Sunday, December 16, 2012

A visit to São Francisco do Sul

São Francisco do Sul, a railway crossing, oil on card, 14 x 9.5 cm


São Francisco do Sul, a yacht, oil on card, 11 x 9 cm

Pictures from a trip up to São Francisco do Sul: the port has a touristic charm, with many well preserved, charmingly painted buildings in various eclectic, quasi Art Noveau or Deco styles.

It also has a pleasingly Waitsian element: great freight trains move continually transporting something or other from a giant and noxious factory , near which are bars with varying degrees of seediness.

Train Song by Tom Waits:

Well I broke down in East St. Louis on the Kansas City line
Drunk up all my money that I borrowed every time
And I fell down at the derby, the night's black as a crow
It was a train that took me away from here
But a train can't bring me home
What made my dreams so hollow was standing at the depot
With a steeple full of swallows that could never ring the bell
And I've come ten thousand miles away, not one thing to show
It was a train that took me away from here
But a train can't bring me home


Friday, December 14, 2012

Nocturne: stardust

Nocturne: stardust, oil on card, 12 x 9.2 cm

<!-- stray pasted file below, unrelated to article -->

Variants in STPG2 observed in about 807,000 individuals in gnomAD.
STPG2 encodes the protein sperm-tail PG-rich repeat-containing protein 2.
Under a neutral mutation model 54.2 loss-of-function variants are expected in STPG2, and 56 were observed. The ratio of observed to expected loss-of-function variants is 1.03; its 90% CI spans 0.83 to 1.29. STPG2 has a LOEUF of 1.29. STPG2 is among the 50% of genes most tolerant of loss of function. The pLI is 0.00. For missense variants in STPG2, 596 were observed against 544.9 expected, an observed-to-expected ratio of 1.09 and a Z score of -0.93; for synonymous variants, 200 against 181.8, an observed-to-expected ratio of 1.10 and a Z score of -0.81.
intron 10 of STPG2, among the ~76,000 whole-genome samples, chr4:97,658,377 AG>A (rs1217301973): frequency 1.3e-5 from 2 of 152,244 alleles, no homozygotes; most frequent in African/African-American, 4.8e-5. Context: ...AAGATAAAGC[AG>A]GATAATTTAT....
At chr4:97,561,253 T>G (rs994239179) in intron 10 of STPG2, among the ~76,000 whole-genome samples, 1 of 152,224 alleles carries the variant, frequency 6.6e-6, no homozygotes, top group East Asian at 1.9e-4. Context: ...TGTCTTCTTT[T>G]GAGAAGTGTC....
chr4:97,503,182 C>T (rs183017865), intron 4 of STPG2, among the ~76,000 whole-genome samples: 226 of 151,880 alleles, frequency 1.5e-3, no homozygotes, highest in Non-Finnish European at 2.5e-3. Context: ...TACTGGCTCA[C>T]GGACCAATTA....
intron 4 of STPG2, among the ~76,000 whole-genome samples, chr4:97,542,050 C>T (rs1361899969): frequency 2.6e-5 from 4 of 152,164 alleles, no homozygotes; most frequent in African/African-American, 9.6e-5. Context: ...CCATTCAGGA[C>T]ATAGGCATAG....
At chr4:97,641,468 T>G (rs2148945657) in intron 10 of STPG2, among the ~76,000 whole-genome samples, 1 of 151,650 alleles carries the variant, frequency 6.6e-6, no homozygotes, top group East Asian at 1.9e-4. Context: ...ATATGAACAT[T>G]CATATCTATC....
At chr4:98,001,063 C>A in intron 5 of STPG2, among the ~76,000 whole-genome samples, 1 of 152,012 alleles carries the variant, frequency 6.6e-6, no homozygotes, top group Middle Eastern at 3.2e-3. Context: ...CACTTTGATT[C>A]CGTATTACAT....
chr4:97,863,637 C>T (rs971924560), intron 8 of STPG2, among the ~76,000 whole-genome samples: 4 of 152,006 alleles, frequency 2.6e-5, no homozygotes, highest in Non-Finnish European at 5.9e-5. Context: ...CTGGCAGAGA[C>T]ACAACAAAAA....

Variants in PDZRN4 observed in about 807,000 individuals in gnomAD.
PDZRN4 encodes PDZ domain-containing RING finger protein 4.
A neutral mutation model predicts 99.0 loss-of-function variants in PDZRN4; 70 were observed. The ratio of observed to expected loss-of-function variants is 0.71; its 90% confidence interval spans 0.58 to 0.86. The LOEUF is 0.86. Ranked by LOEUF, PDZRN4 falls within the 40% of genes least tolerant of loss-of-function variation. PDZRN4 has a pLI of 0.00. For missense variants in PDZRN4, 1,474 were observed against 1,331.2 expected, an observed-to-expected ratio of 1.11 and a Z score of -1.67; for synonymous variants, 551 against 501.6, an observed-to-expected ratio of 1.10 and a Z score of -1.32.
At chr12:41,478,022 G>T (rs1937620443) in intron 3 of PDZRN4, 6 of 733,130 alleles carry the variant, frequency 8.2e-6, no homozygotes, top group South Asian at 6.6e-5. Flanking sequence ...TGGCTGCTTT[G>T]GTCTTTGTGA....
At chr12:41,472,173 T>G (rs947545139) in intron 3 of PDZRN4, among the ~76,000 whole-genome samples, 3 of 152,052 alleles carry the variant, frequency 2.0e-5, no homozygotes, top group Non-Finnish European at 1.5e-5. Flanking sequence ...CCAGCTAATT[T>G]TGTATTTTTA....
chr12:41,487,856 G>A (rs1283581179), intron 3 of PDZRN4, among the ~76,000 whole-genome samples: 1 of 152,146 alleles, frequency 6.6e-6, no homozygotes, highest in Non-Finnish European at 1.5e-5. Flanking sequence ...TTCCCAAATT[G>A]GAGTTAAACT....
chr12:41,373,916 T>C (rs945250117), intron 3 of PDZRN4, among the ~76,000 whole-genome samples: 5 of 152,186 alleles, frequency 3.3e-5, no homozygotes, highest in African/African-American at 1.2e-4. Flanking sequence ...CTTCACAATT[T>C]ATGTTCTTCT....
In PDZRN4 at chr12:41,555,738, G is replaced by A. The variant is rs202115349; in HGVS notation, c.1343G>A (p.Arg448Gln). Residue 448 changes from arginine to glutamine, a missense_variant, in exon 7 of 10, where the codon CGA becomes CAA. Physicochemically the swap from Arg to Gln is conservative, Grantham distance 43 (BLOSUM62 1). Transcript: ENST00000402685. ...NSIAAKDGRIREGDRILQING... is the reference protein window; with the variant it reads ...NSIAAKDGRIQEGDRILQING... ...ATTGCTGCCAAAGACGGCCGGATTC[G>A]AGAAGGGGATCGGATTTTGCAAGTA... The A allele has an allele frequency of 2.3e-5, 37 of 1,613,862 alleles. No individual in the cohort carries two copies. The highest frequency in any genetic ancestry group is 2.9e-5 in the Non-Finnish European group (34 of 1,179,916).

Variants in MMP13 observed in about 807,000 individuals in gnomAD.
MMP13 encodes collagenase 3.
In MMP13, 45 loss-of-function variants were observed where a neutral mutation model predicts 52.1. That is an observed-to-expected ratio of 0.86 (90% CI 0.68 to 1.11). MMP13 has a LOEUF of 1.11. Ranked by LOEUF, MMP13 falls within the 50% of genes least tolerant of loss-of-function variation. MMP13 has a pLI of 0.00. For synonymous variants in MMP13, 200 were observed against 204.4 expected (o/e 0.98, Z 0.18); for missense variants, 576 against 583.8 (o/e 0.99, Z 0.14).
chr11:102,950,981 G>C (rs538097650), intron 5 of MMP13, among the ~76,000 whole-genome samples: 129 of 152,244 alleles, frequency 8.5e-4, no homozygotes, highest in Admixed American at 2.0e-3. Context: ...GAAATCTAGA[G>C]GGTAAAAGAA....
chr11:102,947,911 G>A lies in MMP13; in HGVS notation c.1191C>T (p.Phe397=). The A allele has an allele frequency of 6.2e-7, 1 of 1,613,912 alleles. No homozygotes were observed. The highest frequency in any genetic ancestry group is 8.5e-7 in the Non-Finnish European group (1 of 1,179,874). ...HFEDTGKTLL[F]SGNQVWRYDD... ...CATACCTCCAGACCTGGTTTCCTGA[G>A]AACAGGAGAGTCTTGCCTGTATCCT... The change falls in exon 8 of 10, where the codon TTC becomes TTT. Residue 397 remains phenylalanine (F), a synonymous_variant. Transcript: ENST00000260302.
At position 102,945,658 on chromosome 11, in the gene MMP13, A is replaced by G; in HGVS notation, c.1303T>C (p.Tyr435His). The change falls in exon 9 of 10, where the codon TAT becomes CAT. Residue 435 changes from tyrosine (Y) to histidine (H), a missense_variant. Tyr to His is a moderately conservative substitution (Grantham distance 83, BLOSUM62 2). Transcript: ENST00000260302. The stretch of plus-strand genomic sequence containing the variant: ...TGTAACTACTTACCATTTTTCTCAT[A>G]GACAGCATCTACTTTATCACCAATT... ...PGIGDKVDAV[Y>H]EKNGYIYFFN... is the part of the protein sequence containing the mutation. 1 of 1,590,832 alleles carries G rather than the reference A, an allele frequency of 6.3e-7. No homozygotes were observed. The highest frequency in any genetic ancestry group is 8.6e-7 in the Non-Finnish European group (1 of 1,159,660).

Painted on Beiramar Avenue.

Thursday, December 13, 2012

Egypt: some decisions

The Rough Guide doesn't include Alexandria among it`s top twenty-eight things not to miss, and its entry for the city is less than positive. I`ve used Rough Guides extensively, in Italy, Chile, Brazil and Tunisia and  although I`d quibble with specific entries on hotels or restaurants, say, I`ve found their recommendations to be prescient. Any romanticism I feel about the idea of visiting the city of Cavafy and Durrell has been tempered, and given the time restrictions on my Egypt trip, the proposed itinerary will be:

Cairo-Luxor-Aswan - possibly Abu Simbel- Cairo

Thus I am following a very standard touristic itinerary, albeit one in which i spend more time than usual in Cairo.
The risk of traveling to a "new" place is that I get sucked into tourist painting- a feeling of obligation to paint what is known or espected, rather than responding to my actual experiences. I think that I became somewhat trapped in the Italian trip by romantic expectations. I hope to avoid this in part by the longer stay in Cairo, and by spending long enough in the other places to overcome the obvious.